Serbia marks first anniversary of mass shooting at Belgrade school with flowers, candles, and silence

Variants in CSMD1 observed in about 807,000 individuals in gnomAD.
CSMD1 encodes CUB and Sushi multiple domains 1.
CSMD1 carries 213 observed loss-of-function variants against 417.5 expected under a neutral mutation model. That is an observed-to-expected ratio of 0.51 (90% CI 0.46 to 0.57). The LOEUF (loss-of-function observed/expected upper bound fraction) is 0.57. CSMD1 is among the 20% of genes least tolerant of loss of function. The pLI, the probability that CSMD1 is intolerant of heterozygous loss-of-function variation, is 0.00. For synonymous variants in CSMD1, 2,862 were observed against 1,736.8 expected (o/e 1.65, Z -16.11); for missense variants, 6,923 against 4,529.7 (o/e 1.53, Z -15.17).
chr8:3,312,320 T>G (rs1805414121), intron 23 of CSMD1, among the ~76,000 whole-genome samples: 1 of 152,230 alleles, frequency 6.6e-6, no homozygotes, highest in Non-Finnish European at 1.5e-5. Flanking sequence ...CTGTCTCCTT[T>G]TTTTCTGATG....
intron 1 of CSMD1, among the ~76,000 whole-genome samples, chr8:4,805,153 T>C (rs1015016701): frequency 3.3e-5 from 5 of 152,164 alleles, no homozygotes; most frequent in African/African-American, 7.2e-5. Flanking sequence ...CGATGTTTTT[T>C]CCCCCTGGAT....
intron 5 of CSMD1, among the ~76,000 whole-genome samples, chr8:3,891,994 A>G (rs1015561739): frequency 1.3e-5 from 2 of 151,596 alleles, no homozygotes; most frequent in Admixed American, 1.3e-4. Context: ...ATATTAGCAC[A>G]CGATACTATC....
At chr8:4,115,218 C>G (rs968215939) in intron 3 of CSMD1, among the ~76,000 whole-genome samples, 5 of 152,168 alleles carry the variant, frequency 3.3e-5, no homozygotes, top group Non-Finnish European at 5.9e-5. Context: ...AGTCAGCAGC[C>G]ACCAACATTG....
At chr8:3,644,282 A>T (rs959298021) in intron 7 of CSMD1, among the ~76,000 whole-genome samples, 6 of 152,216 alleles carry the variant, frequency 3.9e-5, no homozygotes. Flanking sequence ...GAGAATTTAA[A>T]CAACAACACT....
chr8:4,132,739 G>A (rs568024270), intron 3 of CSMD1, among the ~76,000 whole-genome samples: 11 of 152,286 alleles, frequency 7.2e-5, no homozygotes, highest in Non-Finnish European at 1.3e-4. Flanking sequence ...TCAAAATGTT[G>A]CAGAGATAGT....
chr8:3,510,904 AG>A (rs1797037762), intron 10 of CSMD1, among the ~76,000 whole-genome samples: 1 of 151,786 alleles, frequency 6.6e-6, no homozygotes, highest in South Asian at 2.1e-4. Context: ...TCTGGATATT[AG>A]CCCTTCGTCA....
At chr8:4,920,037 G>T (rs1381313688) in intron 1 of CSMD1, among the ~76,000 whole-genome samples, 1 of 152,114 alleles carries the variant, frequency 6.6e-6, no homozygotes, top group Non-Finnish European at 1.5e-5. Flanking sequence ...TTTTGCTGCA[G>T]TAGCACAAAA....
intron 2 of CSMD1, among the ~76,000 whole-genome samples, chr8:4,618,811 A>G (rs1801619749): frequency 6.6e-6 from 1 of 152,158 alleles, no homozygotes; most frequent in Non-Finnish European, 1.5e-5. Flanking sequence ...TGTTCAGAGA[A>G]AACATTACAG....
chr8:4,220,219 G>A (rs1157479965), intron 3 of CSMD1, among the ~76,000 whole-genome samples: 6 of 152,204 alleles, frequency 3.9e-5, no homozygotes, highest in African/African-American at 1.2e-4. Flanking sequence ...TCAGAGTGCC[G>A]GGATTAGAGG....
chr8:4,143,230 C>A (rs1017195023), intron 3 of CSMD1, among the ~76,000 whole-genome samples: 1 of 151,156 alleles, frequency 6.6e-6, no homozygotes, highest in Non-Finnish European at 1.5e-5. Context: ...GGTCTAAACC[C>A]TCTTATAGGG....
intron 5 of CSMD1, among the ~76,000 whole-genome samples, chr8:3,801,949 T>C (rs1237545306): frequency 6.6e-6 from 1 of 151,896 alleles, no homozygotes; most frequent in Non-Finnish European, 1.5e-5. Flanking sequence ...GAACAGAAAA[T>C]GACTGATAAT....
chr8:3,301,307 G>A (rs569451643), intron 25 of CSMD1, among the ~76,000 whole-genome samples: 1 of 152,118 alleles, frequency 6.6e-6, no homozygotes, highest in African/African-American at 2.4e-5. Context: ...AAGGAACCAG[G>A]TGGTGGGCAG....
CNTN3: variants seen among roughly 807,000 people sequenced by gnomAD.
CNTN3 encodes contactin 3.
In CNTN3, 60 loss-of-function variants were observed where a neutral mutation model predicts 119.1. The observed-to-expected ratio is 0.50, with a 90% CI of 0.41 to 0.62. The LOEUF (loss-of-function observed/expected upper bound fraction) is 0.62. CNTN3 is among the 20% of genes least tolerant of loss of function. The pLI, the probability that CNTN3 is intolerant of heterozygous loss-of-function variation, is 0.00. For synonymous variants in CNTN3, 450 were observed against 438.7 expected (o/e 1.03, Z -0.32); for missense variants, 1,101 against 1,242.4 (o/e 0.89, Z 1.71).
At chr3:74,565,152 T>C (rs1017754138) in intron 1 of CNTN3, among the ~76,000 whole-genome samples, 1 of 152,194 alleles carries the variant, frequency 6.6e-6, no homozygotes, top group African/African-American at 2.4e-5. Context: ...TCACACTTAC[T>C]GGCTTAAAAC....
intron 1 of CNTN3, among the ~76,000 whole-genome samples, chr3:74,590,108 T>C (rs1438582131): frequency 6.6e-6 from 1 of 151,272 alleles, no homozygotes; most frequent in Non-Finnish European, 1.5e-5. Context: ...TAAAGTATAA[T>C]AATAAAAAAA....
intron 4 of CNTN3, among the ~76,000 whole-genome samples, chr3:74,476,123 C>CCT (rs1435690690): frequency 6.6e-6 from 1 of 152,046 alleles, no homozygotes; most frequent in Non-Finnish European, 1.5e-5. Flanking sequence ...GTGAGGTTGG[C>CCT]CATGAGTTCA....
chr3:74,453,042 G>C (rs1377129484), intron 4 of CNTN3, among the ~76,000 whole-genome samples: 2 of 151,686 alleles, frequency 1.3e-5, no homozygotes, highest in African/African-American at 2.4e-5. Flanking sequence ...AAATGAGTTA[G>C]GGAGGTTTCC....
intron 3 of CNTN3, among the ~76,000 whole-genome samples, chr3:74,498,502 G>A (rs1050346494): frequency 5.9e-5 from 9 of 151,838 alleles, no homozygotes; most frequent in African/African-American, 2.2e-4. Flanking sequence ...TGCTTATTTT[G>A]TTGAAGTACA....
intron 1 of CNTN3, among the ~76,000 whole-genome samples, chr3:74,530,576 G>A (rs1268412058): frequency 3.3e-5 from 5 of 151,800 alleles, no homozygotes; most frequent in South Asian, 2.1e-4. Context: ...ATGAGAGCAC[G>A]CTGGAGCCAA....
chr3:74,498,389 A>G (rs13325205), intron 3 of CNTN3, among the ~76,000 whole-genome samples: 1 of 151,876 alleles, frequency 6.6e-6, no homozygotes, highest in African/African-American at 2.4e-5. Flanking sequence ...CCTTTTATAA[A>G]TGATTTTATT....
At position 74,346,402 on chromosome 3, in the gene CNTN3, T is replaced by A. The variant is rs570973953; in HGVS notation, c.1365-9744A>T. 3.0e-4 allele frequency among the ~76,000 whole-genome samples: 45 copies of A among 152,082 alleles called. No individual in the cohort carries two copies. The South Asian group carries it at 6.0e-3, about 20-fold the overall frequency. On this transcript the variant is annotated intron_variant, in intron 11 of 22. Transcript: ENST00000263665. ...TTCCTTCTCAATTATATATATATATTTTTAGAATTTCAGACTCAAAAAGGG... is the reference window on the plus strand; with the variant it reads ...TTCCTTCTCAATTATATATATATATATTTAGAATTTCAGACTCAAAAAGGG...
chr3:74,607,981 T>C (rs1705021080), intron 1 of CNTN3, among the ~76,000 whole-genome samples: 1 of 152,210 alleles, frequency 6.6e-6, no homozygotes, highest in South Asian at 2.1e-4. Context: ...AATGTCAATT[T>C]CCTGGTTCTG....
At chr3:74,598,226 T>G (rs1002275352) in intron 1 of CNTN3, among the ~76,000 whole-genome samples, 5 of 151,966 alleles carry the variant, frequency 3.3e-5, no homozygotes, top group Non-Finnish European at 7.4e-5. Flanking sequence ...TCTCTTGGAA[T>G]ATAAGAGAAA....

Hundreds of people laid down flowers and lit candles on Friday to commemorate the victims of Serbia’s first ever school shooting a year ago that left nine children and a school guard dead and six people wounded. A somber, silent queue formed on a rainy day outside the school in central Belgrade where a 13-year-old boy is accused of opening fire at his schoolmates with his father’s guns last year. The shooting stunned Serbia. Belgrade was no stranger to violent crime, but mass shootings are rare, and none had taken place at a school before. Just a day later, a shooting rampage outside the capital further shocked the country. A 20-year-old man was accused of killing nine and wounding 12 others, mostly young people. Friday’s vigil formally started at 8:41 a.m., the time of the school shooting last year. Serbian television stations interrupted their broadcasts, showing the text “We remember” on a black screen. The all-day event near the school also included art installations, a panel discussion and short films about the victims. The street where the school is located is closed to traffic. The event was titled “Awakening,” a call for introspection in a nation that is yet to come to terms with its role in multiple wars in the 1990s and the culture of violence that has prevailed ever since. Ninela Radicevic, a mother of a victim, told The Associated Press ahead of the anniversary that society and the government had “rushed to forget” the tragedy. Radicevic, who lost her 11-year-old daughter Ana Bozovic in the shooting, said she hoped Serbia can prevent such a horrific crime from happening again. “We have missed many chances to react better… (but) I think it is never too late to pause … and to try not to make the same mistakes in the future,” said psychology professor Aleksandar Baucal, who is part of a team behind the commemoration. The slain children’s parents have fought to have the school closed and turned into a memorial center. They’ve organized protests, remembrance events and testified about their ordeal to promote awareness among the public. Serbia’s populist government launched a gun amnesty after the shooting, collecting about 80,000 weapons and rounds of ammunition. State-backed support teams offered counseling and police officers were deployed outside schools for security. Serbian President Aleksandar Vucic said on Instagram after paying respects Friday that the “unthinkable tragedy has left a permanent scar on the soul of our entire nation.” Suspects in both of the shootings were apprehended. The alleged school shooter’s parents went on trial in January, charged with teaching their underage son to shoot and with not securing the weapons at the family home. The trial is continuing. The boy has been held in an institution since the attack. The trial of the other suspect and his father is to start later this month in the central town of Smederevo. Shock and anger because of the shootings triggered months of street protests demanding the resignations of top officials and a ban on media that spew hate speech and intolerance.

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